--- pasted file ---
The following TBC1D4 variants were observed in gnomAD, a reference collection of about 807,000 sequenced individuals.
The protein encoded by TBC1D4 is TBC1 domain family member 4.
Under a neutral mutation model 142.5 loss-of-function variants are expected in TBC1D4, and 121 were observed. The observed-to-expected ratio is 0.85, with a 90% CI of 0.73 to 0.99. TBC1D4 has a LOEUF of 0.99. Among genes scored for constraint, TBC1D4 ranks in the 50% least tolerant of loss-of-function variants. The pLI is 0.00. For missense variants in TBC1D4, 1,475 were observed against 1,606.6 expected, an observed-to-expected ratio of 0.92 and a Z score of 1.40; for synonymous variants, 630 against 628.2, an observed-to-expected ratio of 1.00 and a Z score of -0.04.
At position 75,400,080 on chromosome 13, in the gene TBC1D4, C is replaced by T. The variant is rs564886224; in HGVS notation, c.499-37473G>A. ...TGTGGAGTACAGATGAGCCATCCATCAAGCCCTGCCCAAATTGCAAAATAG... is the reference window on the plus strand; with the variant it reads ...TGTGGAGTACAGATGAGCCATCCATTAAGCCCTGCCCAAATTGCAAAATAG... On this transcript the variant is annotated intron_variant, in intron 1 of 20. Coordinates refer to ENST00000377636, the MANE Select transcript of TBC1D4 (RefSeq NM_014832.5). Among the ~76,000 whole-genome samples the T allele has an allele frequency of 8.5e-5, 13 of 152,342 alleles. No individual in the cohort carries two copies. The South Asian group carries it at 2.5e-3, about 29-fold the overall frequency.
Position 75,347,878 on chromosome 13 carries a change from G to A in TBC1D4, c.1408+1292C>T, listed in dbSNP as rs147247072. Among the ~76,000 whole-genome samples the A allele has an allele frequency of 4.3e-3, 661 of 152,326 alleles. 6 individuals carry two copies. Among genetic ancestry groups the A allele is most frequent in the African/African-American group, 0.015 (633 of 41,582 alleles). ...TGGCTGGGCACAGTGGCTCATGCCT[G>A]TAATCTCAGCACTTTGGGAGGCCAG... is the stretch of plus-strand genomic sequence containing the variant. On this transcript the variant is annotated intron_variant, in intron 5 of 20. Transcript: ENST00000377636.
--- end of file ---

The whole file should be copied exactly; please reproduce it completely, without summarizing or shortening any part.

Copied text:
The following TBC1D4 variants were observed in gnomAD, a reference collection of about 807,000 sequenced individuals.
The protein encoded by TBC1D4 is TBC1 domain family member 4.
Under a neutral mutation model 142.5 loss-of-function variants are expected in TBC1D4, and 121 were observed. The observed-to-expected ratio is 0.85, with a 90% CI of 0.73 to 0.99. TBC1D4 has a LOEUF of 0.99. Among genes scored for constraint, TBC1D4 ranks in the 50% least tolerant of loss-of-function variants. The pLI is 0.00. For missense variants in TBC1D4, 1,475 were observed against 1,606.6 expected, an observed-to-expected ratio of 0.92 and a Z score of 1.40; for synonymous variants, 630 against 628.2, an observed-to-expected ratio of 1.00 and a Z score of -0.04.
At position 75,400,080 on chromosome 13, in the gene TBC1D4, C is replaced by T. The variant is rs564886224; in HGVS notation, c.499-37473G>A. ...TGTGGAGTACAGATGAGCCATCCATCAAGCCCTGCCCAAATTGCAAAATAG... is the reference window on the plus strand; with the variant it reads ...TGTGGAGTACAGATGAGCCATCCATTAAGCCCTGCCCAAATTGCAAAATAG... On this transcript the variant is annotated intron_variant, in intron 1 of 20. Coordinates refer to ENST00000377636, the MANE Select transcript of TBC1D4 (RefSeq NM_014832.5). Among the ~76,000 whole-genome samples the T allele has an allele frequency of 8.5e-5, 13 of 152,342 alleles. No individual in the cohort carries two copies. The South Asian group carries it at 2.5e-3, about 29-fold the overall frequency.
Position 75,347,878 on chromosome 13 carries a change from G to A in TBC1D4, c.1408+1292C>T, listed in dbSNP as rs147247072. Among the ~76,000 whole-genome samples the A allele has an allele frequency of 4.3e-3, 661 of 152,326 alleles. 6 individuals carry two copies. Among genetic ancestry groups the A allele is most frequent in the African/African-American group, 0.015 (633 of 41,582 alleles). ...TGGCTGGGCACAGTGGCTCATGCCT[G>A]TAATCTCAGCACTTTGGGAGGCCAG... is the stretch of plus-strand genomic sequence containing the variant. On this transcript the variant is annotated intron_variant, in intron 5 of 20. Transcript: ENST00000377636.